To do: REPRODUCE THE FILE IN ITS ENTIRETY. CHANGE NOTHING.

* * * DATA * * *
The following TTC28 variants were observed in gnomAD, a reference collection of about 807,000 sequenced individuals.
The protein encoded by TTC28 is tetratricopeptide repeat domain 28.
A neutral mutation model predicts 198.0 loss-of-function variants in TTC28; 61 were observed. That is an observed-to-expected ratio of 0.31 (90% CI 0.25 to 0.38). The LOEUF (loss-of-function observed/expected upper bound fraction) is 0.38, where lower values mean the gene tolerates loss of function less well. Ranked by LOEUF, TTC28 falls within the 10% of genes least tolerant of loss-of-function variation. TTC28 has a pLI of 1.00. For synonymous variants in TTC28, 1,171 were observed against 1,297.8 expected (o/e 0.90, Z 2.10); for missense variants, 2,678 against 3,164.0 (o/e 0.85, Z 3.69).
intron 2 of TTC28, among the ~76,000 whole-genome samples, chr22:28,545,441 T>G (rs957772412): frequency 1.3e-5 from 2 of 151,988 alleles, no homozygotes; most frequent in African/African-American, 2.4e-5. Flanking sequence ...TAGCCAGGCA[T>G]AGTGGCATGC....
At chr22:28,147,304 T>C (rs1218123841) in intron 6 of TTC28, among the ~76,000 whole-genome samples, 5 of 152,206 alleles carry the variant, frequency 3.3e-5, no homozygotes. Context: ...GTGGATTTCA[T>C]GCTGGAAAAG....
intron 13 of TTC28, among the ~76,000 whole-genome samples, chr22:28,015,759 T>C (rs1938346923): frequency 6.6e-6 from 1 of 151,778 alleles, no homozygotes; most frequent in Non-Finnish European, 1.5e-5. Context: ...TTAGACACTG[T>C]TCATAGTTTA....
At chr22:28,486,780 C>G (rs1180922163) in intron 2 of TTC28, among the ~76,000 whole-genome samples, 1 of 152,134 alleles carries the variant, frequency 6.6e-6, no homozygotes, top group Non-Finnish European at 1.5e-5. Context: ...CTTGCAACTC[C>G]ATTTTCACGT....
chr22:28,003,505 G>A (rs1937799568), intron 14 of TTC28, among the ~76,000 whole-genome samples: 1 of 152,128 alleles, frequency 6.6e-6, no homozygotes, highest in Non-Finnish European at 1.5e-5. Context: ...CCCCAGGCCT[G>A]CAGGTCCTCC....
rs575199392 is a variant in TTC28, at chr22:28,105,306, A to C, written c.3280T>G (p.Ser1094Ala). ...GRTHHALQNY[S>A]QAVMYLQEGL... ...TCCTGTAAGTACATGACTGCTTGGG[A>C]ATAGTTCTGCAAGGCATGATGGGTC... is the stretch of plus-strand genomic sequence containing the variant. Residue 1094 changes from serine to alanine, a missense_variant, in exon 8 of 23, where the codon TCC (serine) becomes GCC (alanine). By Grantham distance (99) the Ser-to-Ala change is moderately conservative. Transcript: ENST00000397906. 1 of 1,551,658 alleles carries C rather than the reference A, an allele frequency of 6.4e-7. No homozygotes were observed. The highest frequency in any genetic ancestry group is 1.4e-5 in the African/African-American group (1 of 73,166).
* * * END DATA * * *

The following TTC28 variants were observed in gnomAD, a reference collection of about 807,000 sequenced individuals.
The protein encoded by TTC28 is tetratricopeptide repeat domain 28.
A neutral mutation model predicts 198.0 loss-of-function variants in TTC28; 61 were observed. That is an observed-to-expected ratio of 0.31 (90% CI 0.25 to 0.38). The LOEUF (loss-of-function observed/expected upper bound fraction) is 0.38, where lower values mean the gene tolerates loss of function less well. Ranked by LOEUF, TTC28 falls within the 10% of genes least tolerant of loss-of-function variation. TTC28 has a pLI of 1.00. For synonymous variants in TTC28, 1,171 were observed against 1,297.8 expected (o/e 0.90, Z 2.10); for missense variants, 2,678 against 3,164.0 (o/e 0.85, Z 3.69).
intron 2 of TTC28, among the ~76,000 whole-genome samples, chr22:28,545,441 T>G (rs957772412): frequency 1.3e-5 from 2 of 151,988 alleles, no homozygotes; most frequent in African/African-American, 2.4e-5. Flanking sequence ...TAGCCAGGCA[T>G]AGTGGCATGC....
At chr22:28,147,304 T>C (rs1218123841) in intron 6 of TTC28, among the ~76,000 whole-genome samples, 5 of 152,206 alleles carry the variant, frequency 3.3e-5, no homozygotes. Context: ...GTGGATTTCA[T>C]GCTGGAAAAG....
intron 13 of TTC28, among the ~76,000 whole-genome samples, chr22:28,015,759 T>C (rs1938346923): frequency 6.6e-6 from 1 of 151,778 alleles, no homozygotes; most frequent in Non-Finnish European, 1.5e-5. Context: ...TTAGACACTG[T>C]TCATAGTTTA....
At chr22:28,486,780 C>G (rs1180922163) in intron 2 of TTC28, among the ~76,000 whole-genome samples, 1 of 152,134 alleles carries the variant, frequency 6.6e-6, no homozygotes, top group Non-Finnish European at 1.5e-5. Context: ...CTTGCAACTC[C>G]ATTTTCACGT....
chr22:28,003,505 G>A (rs1937799568), intron 14 of TTC28, among the ~76,000 whole-genome samples: 1 of 152,128 alleles, frequency 6.6e-6, no homozygotes, highest in Non-Finnish European at 1.5e-5. Context: ...CCCCAGGCCT[G>A]CAGGTCCTCC....
rs575199392 is a variant in TTC28, at chr22:28,105,306, A to C, written c.3280T>G (p.Ser1094Ala). ...GRTHHALQNY[S>A]QAVMYLQEGL... ...TCCTGTAAGTACATGACTGCTTGGG[A>C]ATAGTTCTGCAAGGCATGATGGGTC... is the stretch of plus-strand genomic sequence containing the variant. Residue 1094 changes from serine to alanine, a missense_variant, in exon 8 of 23, where the codon TCC (serine) becomes GCC (alanine). By Grantham distance (99) the Ser-to-Ala change is moderately conservative. Transcript: ENST00000397906. 1 of 1,551,658 alleles carries C rather than the reference A, an allele frequency of 6.4e-7. No homozygotes were observed. The highest frequency in any genetic ancestry group is 1.4e-5 in the African/African-American group (1 of 73,166).